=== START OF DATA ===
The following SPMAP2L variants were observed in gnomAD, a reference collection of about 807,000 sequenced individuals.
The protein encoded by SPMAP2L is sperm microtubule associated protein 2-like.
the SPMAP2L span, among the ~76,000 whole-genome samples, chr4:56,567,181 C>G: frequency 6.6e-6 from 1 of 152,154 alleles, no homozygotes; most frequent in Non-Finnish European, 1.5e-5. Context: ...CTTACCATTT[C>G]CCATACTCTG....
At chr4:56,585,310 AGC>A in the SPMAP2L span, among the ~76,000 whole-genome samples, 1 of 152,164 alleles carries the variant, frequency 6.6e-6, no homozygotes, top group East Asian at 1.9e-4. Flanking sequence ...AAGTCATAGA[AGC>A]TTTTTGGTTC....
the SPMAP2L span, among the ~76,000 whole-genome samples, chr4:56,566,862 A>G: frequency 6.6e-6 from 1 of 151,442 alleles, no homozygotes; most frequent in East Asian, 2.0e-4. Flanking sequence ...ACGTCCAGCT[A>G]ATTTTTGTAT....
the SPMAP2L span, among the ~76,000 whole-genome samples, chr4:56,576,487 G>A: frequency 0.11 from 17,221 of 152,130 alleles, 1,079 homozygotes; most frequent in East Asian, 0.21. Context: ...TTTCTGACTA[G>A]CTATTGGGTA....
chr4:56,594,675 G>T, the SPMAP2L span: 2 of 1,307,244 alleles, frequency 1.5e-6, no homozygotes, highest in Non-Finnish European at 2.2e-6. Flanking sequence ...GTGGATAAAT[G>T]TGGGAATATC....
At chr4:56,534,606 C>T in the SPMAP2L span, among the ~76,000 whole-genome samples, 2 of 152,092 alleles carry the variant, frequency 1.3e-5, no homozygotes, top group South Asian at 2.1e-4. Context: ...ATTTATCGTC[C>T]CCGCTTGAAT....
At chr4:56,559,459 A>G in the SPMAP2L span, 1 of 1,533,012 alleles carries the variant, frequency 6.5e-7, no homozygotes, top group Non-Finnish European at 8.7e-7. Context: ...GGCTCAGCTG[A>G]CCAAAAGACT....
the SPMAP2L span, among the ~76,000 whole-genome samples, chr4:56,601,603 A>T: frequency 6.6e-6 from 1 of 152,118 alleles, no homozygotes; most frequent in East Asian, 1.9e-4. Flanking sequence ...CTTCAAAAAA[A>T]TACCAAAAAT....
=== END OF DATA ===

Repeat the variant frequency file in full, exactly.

The following SPMAP2L variants were observed in gnomAD, a reference collection of about 807,000 sequenced individuals.
The protein encoded by SPMAP2L is sperm microtubule associated protein 2-like.
the SPMAP2L span, among the ~76,000 whole-genome samples, chr4:56,567,181 C>G: frequency 6.6e-6 from 1 of 152,154 alleles, no homozygotes; most frequent in Non-Finnish European, 1.5e-5. Context: ...CTTACCATTT[C>G]CCATACTCTG....
At chr4:56,585,310 AGC>A in the SPMAP2L span, among the ~76,000 whole-genome samples, 1 of 152,164 alleles carries the variant, frequency 6.6e-6, no homozygotes, top group East Asian at 1.9e-4. Flanking sequence ...AAGTCATAGA[AGC>A]TTTTTGGTTC....
the SPMAP2L span, among the ~76,000 whole-genome samples, chr4:56,566,862 A>G: frequency 6.6e-6 from 1 of 151,442 alleles, no homozygotes; most frequent in East Asian, 2.0e-4. Flanking sequence ...ACGTCCAGCT[A>G]ATTTTTGTAT....
the SPMAP2L span, among the ~76,000 whole-genome samples, chr4:56,576,487 G>A: frequency 0.11 from 17,221 of 152,130 alleles, 1,079 homozygotes; most frequent in East Asian, 0.21. Context: ...TTTCTGACTA[G>A]CTATTGGGTA....
chr4:56,594,675 G>T, the SPMAP2L span: 2 of 1,307,244 alleles, frequency 1.5e-6, no homozygotes, highest in Non-Finnish European at 2.2e-6. Flanking sequence ...GTGGATAAAT[G>T]TGGGAATATC....
At chr4:56,534,606 C>T in the SPMAP2L span, among the ~76,000 whole-genome samples, 2 of 152,092 alleles carry the variant, frequency 1.3e-5, no homozygotes, top group South Asian at 2.1e-4. Context: ...ATTTATCGTC[C>T]CCGCTTGAAT....
At chr4:56,559,459 A>G in the SPMAP2L span, 1 of 1,533,012 alleles carries the variant, frequency 6.5e-7, no homozygotes, top group Non-Finnish European at 8.7e-7. Context: ...GGCTCAGCTG[A>G]CCAAAAGACT....
the SPMAP2L span, among the ~76,000 whole-genome samples, chr4:56,601,603 A>T: frequency 6.6e-6 from 1 of 152,118 alleles, no homozygotes; most frequent in East Asian, 1.9e-4. Flanking sequence ...CTTCAAAAAA[A>T]TACCAAAAAT....